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The work Musa consists of a large raw fabric tunic (6.20 meters in height) representing the Muses, deities of ancient Greece who protected the Arts. According to mythology, the Muses are daughters of Zeus and Mnemosyne, a titan who possessed the ability to preserve memory. Each of their nine daughters had the mission to inspire and safeguard the different arts, poetry, music, theater, dance, and the multitude of forms in which human creation manifests.

The Muses are well-known figures to artists, cited as a source of inspiration and brought to our culture through the transmission of ancient myths from European culture. In America, this cultural heritage has undoubtedly been transformed, re-examined, and re-signified, sometimes denied in an attempt to go back to the roots of indigenous peoples, but always present, admired or hated, impossible to deny.

Our democracies and cities were founded on these conceptual bases of "the ideal"; neoclassical sculptures are still present in our squares and parks, buildings imitating European architecture surround us, and ancestral religiosity has been absorbed by syncretisms evident throughout the continent. This is how this reference to the Muse arises, as an ancestral figure, this time reclaiming her creative feminine power, giver of expression and meaning to human life through artistic expressions.

Valparaíso, a great port of the Pacific, proves to be a key city for the arrival of this European heritage to Chile. Its architectural value, the vibrant creation of poets, musicians, printmakers, photographers, make this reference in the context of the XII Biennial of Art of Valparaíso, aim to generate a moment of veneration towards the figure of the Muse and her significance.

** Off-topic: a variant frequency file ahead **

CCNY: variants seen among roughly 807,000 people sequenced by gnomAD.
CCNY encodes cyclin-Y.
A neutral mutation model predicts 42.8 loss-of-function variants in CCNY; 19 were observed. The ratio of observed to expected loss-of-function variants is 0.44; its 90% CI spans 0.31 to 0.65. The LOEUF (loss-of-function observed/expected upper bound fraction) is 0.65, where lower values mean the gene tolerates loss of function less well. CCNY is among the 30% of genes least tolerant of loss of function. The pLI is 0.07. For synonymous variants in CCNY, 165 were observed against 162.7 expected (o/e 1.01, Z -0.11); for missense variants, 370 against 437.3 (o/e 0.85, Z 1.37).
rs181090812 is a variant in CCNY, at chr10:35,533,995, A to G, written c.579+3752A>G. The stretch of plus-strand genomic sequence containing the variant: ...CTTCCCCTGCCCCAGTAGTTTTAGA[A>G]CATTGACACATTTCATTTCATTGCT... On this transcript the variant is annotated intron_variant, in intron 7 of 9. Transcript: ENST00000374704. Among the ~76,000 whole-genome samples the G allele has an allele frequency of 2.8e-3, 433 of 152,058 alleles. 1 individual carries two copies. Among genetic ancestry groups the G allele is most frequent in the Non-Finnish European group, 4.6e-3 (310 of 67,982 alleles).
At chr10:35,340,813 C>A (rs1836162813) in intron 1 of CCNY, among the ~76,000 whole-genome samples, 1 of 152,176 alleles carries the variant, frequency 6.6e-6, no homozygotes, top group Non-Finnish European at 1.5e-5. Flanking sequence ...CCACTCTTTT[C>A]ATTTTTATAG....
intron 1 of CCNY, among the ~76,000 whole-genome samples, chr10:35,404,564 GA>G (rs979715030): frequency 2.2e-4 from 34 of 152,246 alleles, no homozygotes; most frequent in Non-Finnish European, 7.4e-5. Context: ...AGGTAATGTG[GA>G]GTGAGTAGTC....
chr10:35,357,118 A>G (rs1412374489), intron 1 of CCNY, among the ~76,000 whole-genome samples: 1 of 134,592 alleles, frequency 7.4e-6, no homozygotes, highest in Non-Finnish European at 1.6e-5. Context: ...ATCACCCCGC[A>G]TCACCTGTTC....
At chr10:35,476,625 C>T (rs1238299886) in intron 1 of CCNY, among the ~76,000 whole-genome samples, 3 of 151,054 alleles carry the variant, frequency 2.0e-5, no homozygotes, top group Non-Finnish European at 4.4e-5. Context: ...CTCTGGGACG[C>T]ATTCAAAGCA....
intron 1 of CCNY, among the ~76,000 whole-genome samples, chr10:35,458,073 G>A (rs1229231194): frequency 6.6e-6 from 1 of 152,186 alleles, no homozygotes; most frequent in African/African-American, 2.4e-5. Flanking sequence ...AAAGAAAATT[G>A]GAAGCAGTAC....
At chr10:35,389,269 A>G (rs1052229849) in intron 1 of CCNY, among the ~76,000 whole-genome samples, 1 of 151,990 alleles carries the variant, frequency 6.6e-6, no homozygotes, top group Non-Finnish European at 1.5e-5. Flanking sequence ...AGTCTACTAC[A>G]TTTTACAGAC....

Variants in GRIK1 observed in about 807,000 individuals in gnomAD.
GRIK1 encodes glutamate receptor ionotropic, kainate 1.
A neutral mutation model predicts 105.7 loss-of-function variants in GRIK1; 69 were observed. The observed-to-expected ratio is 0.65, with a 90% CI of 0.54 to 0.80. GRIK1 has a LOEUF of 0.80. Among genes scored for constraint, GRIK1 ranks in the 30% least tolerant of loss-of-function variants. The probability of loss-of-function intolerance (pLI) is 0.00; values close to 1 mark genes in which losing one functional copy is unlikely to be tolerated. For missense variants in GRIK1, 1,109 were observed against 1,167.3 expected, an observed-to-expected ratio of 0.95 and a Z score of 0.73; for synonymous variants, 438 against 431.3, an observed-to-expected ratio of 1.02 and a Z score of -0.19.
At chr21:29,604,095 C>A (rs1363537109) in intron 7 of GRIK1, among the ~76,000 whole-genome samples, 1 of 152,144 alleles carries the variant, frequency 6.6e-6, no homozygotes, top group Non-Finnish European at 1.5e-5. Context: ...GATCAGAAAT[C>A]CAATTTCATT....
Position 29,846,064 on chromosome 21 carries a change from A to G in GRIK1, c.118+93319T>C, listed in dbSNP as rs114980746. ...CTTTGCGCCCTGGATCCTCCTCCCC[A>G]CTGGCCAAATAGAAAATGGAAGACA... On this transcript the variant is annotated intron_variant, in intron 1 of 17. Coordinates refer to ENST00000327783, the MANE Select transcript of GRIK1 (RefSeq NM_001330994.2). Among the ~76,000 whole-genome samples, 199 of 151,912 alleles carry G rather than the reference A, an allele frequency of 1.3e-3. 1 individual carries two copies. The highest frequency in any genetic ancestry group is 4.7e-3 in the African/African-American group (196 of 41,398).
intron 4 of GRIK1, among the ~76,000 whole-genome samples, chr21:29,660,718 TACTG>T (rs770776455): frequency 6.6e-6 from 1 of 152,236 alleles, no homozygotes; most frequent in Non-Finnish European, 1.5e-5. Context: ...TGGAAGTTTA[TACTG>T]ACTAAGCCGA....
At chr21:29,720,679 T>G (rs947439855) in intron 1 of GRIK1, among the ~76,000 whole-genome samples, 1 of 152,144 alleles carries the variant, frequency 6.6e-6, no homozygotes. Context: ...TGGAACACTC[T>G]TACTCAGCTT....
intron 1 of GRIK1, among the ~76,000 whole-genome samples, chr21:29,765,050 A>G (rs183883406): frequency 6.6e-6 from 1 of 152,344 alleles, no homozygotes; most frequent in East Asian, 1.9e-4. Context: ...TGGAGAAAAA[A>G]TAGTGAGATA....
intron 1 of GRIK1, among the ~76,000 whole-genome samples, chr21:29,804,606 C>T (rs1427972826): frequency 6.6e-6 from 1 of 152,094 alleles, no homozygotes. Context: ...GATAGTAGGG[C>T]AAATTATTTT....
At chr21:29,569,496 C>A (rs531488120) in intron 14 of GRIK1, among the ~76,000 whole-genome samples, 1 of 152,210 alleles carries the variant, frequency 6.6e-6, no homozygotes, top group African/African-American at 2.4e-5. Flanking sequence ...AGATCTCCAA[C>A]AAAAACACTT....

This project involved the participation of two groups of city artists: the advanced printmaking workshop of the School of Art of the Universidad de Playa Ancha who intervened the tunic with their prints, and the performance of the vocal group Sortilegio Vocal Ensemble, as co-protagonist of the action carried out between two buildings in the city plan. This consisted of a procession of the participating artists, carrying the tunic from the "Mercado Puerto" building in the "La Matriz" sector to the "La Nave" building in Sotomayor Square, crossing four streets and briefly interrupting the normal traffic of citizens in this sector of the Port.

The choir performed a work by Cuban composer Leo Brouwer, which is an ode to creation, with roots in local popular music, once again referencing syncretism as a cultural characteristic of our artistic production. The printmaking students explored free themes printed on fabric and later sewn to the hem of the tunic as borders, generating a graphic and monochromatic visual intervention. The sewing of the prints was carried out at the Design School of the University of Valparaíso, in the facilities of their textile workshops.

Participants from the advanced printmaking workshop UPLA:

Darlyn Meneses, Ursula Betancur, Fernanda Michea, Jael González, Sofia Rozas, Carolina Moscoso, Javiera Fuentes, Diego Mora, Cecilia Ojeda, Sofia Arancibia, Kristel Villagrán, Mariel Vergara, Rebeca Chávez, Franko Paredes, Nico Henríquez, Romina Cromilakis, Rocio Vera and Carlos Urrutia.

Teacher: Jorge Martínez

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